What Does Going Green Really Mean? A Field Guide To Natural Beauty

earth-day-natural-beauty
It seems like every time we check our inboxes, there's an email touting a pretty new product that’s fair- trade, local, biodynamic, or emblazoned with about one of about a zillion other buzzwords to make us think our purchase is somehow better for the planet. Instead of going along with the greenwashing, we wanted to dig a little deeper into the world of eco- friendly products and uncover what’s actually best for the environment.
We talked to the super-knowledgeable women behind three eco-chic beauty lines — RMS Beauty, Tata Harper, and Sumbody — to get the real deal on decoding labels and settling the debate on natural vs. organic, once and for all. Read on to get the scoop on just how green your fave products really are.
Know The Terminology
There are a lot of different terms out there related to how eco-friendly a product is, but it can be hard to decipher the legit claims from the BS. Here's a little refresher course on the most common green labels:
Natural: The problem with the word natural is that it's not a term that's regulated, so a brand can combine a boatload of chemical ingredients with one natural oil and slap the term natural on its label. “Honest natural products contain ingredients from plants and nature and are minimally processed,” says Rose-Marie Swift, founder of RMS Beauty. It can be hard to determine just how unprocessed an ingredient is, so when in doubt, look for labels from the Natural Products Association. French certifying body Eco-Cert also breaks down what percentage of a product is natural, and what is organic.
Organic: “Organic products take ‘natural’ several steps further as they are made with non-GMO ingredients that have been grown, raised, harvested, manufactured, and preserved without chemical herbicides, pesticides, fungicides, antibiotics – giving you products with fewer contaminants,” explains Rose-Marie. Certification bodies are more stringent with organic products, so look for seals of approval from Eco-Cert, the USDA, the Soil Association, and the California Certified Organic Farmers (CCOF). Just be careful to pay attention to the wording: Something that says "made with organic ingredients," just means that 70% of the ingredients in that product are certified organic — it doesn't guarantee the whole of the product is free of parabens or chemicals. For the purest products, look for brands that are certified 100% organic, as that means all of the ingredients in it are pure, and it involves no chemical fillers.
Biodynamic: This is an agricultural method that takes a more holistic approach to the soil, and is considered by some to be the very pinnacle of environmentally-conscious and pure growth practices. Like organic farmers, those who practice biodynamic farming abstain from using chemical pesticides, but they view the plants, soil, and animals as a whole — a self-sustaining system that interacts naturally to create the pure, untouched ingredients. Biodynamic brands are certified by the Demeter Association.
Photo: Courtesy of Tata Harper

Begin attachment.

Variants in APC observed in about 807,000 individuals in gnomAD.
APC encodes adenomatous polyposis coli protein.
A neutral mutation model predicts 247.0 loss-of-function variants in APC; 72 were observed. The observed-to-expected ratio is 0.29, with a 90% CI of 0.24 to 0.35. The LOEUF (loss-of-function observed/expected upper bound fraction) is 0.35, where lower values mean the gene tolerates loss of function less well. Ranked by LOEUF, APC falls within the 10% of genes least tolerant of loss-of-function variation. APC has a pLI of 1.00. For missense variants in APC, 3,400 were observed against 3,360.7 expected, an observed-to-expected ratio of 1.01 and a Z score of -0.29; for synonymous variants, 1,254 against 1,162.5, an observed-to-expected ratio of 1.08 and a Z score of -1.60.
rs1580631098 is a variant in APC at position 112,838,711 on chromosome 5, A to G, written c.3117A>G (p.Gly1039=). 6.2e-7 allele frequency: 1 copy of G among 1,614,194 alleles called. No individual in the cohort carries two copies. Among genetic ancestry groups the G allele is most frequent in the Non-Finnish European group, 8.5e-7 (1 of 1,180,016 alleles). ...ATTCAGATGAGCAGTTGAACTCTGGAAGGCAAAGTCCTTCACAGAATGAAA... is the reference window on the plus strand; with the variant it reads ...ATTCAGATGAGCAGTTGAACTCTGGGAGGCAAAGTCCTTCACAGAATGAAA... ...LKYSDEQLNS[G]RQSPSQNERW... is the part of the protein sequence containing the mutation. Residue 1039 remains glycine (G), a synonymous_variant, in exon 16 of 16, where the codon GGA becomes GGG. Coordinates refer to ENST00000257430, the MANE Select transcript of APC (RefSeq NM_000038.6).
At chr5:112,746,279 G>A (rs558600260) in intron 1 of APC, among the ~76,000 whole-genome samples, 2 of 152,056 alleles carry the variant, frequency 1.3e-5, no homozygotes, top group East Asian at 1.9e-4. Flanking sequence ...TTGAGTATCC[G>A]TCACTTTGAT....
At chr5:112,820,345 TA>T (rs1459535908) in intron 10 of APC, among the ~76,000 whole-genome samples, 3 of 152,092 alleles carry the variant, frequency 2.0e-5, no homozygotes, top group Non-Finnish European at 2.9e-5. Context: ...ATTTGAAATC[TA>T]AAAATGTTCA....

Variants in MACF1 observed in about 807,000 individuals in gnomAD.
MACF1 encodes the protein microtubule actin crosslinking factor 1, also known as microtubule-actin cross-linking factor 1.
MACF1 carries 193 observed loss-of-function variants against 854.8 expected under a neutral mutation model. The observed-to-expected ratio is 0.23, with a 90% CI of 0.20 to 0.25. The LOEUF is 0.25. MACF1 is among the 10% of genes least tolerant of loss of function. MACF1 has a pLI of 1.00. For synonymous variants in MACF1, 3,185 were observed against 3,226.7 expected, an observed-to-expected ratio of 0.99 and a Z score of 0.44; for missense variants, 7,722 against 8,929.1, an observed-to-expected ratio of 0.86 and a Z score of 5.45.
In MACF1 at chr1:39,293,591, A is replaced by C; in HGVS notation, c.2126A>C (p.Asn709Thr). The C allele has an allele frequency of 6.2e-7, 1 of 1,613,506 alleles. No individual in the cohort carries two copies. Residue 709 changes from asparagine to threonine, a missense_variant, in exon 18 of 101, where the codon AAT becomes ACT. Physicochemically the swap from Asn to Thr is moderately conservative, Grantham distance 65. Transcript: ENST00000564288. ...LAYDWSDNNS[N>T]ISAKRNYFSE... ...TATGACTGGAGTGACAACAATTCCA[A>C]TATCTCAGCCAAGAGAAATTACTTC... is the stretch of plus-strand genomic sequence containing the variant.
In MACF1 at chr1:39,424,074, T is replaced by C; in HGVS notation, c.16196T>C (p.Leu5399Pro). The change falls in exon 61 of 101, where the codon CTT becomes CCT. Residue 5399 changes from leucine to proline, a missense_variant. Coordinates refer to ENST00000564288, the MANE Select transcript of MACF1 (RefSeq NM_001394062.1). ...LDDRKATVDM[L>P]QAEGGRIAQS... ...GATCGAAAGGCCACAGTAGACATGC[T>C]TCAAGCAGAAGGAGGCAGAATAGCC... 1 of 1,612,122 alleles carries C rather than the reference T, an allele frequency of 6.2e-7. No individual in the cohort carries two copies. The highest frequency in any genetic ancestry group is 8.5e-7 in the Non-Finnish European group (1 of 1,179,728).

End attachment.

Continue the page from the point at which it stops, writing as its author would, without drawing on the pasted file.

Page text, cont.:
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Look Beyond the Buzz
“Unfortunately, as soon as marketers learned that consumers enjoyed the idea of non-synthetic products, the words began to appear on all sorts of products, whether they were truthful or not,” explains Rose-Marie. “It’s called greenwashing, and it’s possible because consumers have to be well-informed to distinguish frauds from the real deal.” If you're not confident in your ability to read labels critically, everyone we chatted with suggested going to EWG’s Skin Deep Cosmetic Database, which rates products based on the safety of their ingredients.
Find A Cause
It’s unrealistic to expect your entire beauty cabinet to be filled with products that are local and organic (um, does the farmer’s market sell handmade foundation?). “People have so many standards for green,” says Tata Harper, founder of Tata Harper Skincare. “There’s not one formula that will accommodate everybody. For me, it’s about being 100% synthetic-free.” That means she might import hyaluronic acid from the Czech Republic, but she grows the alfalfa — which is oxygenizing, who knew? — that goes into her products, on her farm in Vermont. Both Tata and Sumbody founder Deborah Burnes mentioned that they'd rather use ingredients that worked, rather than sourcing local at the expense of the final product. While they strive for local, efficacy is more important to them.
Seal The Deal
“The most important thing a consumer can do is understand the ingredients in a product,” says Deborah Burnes, author of Look Great Live Green. With so many terms being tossed around, it’s best to look for third-party seals to see if the tube you’re holding is actually filled with honest-to-goodness organic ingredients. Check out the label for these markers and you’ll be able to find out if the brand is certified fair trade, sustainable, natural, organic, or ships carbon-free (to list a few).
Bottom Line: The government only does the bare minimum when it comes to regulating terms for cosmetics, so you have to put in the extra effort to become an informed, knowledgeable consumer. If using all-natural and organic products is important to you, take the time to research the subject more thoroughly and always be sure to read labels. There are plenty of trust-worthy, eco-friendly, efficacious, and truly green products out there; you just need to know how to find them.
We've already told you a few of our favorites, now you tell us: What are your go-to green brands?
Photos: Courtesy of Tata Harper, RMS Beauty; Via Sumbody

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